I met Michael Gorringe on the second day of my journey. He was a permanent resident at Sheep World, which (if you haven’t read the beginning of the blog) is sort of a retirement community/rv park just north of Auckland, New Zealand with hot pink sheep in the front pasture. Yes. Hot pink sheep.
I parked my scooter, unloaded my pack and set my tent up on the front lawn. Mike introduced himself & invited me over for a meal. He poured us each a glass of whiskey, and told me about his life while he cooked dinner. We were kindred spirits/instant friends/cut from the same wacky cloth, and even though I only spent two days there, I cried when I said goodbye to him.
We stayed in touch through email after I left Sheep World. He followed each blog post, anxiously awaiting the next, and then would send me the most generous words of encouragement about where I was/what I was doing at the time. He also sent detailed updates on what he was up to…always learning new country songs to sing at the clubs & sometimes serving as an informal guide for tourists and friends visiting New Zealand.
I hadn’t heard from Mike in a while, and if I’m honest, I intuitively already knew what I would find yesterday when I googled his name. An obituary. From January 17th. I haven’t cried that hard in a long time. I always, always hoped I would drive up to Sheep World again & see him mowing the grass. Or find him cutting lettuce with his pocket knife for his dinner. Or sitting on his front porch, watching the sunset. I know he waited for my return someday too.
My mind took that crumb & ran away with it last night into a dark and selfish shame spiral. Why hadn’t I figured out some way to afford to go back to visit? He loved country music more than anyone I’ve ever met….and I used to work in the country music business. I had a plan to surprise him and fly him to Nashville when I finished the book and had some extra money. Just seeing the joy on his face at Robert’s or The Station Inn would have been worth it. But I haven’t finished the book. And years have passed. And now he’s dead. And there is not a damn thing I can do to change any of it. I felt like I let my friend down. On and on and on went the regret and guilt and grief. I beat myself up until I could barely breathe.
Then I began frantically searching for the hard drive that contained the videos I took of Mike sharing his love story and the loss of his wife, Philomena. The videos are in segments, because I recorded him on my phone, before I purchased a camera in China. My phone kept filling up, and I had to stop Mike a handful of times, delete everything I could as quickly as I could on my phone, so I could continue recording. None of the segments are titled. Of course, this is the very first one (posted below) I just happened to open last night, in the dark, quiet of my house.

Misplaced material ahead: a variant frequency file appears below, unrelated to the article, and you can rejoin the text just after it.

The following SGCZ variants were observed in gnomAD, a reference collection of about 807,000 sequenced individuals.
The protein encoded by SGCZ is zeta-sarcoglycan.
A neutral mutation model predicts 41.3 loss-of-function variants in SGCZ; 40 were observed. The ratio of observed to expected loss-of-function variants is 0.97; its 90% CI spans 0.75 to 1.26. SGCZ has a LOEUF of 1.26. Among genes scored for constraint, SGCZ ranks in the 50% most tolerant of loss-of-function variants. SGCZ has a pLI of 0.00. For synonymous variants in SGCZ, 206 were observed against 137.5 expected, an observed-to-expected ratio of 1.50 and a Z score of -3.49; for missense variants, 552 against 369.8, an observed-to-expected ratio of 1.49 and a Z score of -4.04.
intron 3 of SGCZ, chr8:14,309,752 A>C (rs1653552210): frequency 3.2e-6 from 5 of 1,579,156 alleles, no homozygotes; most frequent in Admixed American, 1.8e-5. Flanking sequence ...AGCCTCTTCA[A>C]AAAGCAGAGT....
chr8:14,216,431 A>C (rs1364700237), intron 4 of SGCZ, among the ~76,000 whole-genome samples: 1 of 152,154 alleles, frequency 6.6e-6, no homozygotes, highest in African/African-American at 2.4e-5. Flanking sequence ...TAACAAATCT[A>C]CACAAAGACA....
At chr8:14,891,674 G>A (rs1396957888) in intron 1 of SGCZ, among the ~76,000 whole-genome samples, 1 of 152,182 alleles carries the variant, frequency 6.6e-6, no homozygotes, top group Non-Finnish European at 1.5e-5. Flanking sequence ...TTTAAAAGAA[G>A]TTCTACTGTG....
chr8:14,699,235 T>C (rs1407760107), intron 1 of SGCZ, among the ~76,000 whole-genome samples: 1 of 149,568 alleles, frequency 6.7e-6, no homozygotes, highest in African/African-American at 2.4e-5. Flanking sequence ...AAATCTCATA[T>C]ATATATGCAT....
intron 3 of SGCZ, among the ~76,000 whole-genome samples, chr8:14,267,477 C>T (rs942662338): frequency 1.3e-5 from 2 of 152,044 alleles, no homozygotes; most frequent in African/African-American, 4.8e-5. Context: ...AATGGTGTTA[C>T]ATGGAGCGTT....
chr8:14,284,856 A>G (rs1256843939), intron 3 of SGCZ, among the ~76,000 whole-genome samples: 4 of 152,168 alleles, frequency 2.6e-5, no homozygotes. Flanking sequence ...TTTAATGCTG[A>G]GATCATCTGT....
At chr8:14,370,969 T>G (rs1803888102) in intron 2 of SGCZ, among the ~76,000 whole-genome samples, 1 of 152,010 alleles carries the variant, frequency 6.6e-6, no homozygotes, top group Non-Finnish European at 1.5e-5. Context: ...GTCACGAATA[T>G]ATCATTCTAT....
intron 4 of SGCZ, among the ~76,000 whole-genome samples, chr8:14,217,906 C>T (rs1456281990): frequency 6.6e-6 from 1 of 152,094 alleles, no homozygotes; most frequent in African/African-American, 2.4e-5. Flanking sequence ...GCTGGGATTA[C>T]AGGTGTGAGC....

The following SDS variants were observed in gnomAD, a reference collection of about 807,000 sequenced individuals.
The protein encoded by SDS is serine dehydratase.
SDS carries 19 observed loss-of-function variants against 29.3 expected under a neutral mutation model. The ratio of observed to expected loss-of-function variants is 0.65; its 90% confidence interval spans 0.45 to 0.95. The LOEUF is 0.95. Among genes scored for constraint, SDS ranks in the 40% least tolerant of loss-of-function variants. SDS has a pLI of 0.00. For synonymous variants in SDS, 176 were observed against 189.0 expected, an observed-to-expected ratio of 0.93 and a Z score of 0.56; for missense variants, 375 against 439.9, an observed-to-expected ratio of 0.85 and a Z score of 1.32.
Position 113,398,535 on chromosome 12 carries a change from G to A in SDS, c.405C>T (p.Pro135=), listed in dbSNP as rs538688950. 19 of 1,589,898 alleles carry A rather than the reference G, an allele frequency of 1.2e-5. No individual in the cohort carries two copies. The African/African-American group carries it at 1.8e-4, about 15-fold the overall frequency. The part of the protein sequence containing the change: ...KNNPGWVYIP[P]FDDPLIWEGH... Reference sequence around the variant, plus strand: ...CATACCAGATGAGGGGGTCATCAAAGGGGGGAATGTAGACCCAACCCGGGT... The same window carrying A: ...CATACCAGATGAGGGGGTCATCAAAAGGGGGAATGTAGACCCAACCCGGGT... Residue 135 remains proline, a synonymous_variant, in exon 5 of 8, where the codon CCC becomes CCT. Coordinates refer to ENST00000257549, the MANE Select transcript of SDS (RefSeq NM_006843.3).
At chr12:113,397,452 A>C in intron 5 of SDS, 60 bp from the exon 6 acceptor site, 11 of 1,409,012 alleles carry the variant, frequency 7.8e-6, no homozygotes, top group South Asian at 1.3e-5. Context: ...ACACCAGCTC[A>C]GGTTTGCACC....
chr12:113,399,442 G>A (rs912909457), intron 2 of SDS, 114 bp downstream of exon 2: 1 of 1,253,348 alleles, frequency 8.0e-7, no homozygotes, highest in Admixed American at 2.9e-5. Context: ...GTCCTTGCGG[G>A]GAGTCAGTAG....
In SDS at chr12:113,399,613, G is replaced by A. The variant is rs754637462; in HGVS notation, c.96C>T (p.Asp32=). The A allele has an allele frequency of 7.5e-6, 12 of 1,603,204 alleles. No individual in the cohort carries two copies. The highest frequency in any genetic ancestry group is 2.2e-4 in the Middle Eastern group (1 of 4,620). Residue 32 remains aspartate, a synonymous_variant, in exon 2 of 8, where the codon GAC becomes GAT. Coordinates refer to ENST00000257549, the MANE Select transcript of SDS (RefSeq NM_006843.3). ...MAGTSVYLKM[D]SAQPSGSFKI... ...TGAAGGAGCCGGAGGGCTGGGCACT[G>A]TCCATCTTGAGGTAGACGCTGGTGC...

Then I watched all of them. And laughed with him when he laughed (which was often) and cried with him when he cried….and by the end of all of the footage, most of that guilt and grief had eased, and I just felt overwhelming gratitude and love for this human. Gratitude that I even went on that wild path that took me to New Zealand. Gratitude that I couldn’t afford any of the expensive hotels I passed, and that I kept going just a little farther down the road, until I saw those hot pink sheep. Gratitude for Mike’s warm welcome and generosity. For his company. For his willingness to share his losses and his triumphs with me. For the genuine vulnerability with which he spoke his truth. I can’t really explain how lucky I feel to have shared time with this beautiful soul while we were both here on this giant spinning rock in space. I loved him & he loved me.
It is time to finally stare down my fear of failure & finish editing the manuscript. Not out of regret or grief or guilt, but out of love and honor for the people, like Mike, who cared for and guided me along that wild route around the world. The people who transformed this story into something so much bigger and more beautiful than the lie that came out of A’s mouth. The people who saved me. Or held space so I could save myself. You will be hearing more from me in the coming months…
For now, I wanted to share with you this very short segment from Mike’s interview. I really wish you could have met him:
Oh, dear friend. It would have never been enough. I miss you. Thank you. For everything.